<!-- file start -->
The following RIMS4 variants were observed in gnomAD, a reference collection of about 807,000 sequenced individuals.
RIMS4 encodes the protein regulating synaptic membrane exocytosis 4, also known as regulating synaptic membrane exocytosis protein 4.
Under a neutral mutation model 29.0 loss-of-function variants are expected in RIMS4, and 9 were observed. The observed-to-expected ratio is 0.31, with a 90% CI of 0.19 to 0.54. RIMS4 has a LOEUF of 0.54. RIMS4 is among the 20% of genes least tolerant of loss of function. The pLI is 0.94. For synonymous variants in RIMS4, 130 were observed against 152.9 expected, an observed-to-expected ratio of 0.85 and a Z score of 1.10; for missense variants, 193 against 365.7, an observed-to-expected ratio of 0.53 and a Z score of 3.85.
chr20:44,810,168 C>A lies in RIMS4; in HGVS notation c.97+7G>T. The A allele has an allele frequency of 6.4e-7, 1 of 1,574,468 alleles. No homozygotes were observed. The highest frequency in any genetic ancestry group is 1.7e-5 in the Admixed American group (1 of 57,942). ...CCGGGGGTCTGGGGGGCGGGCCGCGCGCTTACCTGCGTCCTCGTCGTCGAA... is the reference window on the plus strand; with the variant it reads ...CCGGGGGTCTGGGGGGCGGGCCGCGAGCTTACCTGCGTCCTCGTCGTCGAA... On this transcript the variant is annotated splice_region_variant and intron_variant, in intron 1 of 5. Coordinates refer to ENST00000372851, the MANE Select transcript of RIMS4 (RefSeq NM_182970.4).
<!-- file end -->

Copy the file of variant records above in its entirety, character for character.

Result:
The following RIMS4 variants were observed in gnomAD, a reference collection of about 807,000 sequenced individuals.
RIMS4 encodes the protein regulating synaptic membrane exocytosis 4, also known as regulating synaptic membrane exocytosis protein 4.
Under a neutral mutation model 29.0 loss-of-function variants are expected in RIMS4, and 9 were observed. The observed-to-expected ratio is 0.31, with a 90% CI of 0.19 to 0.54. RIMS4 has a LOEUF of 0.54. RIMS4 is among the 20% of genes least tolerant of loss of function. The pLI is 0.94. For synonymous variants in RIMS4, 130 were observed against 152.9 expected, an observed-to-expected ratio of 0.85 and a Z score of 1.10; for missense variants, 193 against 365.7, an observed-to-expected ratio of 0.53 and a Z score of 3.85.
chr20:44,810,168 C>A lies in RIMS4; in HGVS notation c.97+7G>T. The A allele has an allele frequency of 6.4e-7, 1 of 1,574,468 alleles. No homozygotes were observed. The highest frequency in any genetic ancestry group is 1.7e-5 in the Admixed American group (1 of 57,942). ...CCGGGGGTCTGGGGGGCGGGCCGCGCGCTTACCTGCGTCCTCGTCGTCGAA... is the reference window on the plus strand; with the variant it reads ...CCGGGGGTCTGGGGGGCGGGCCGCGAGCTTACCTGCGTCCTCGTCGTCGAA... On this transcript the variant is annotated splice_region_variant and intron_variant, in intron 1 of 5. Coordinates refer to ENST00000372851, the MANE Select transcript of RIMS4 (RefSeq NM_182970.4).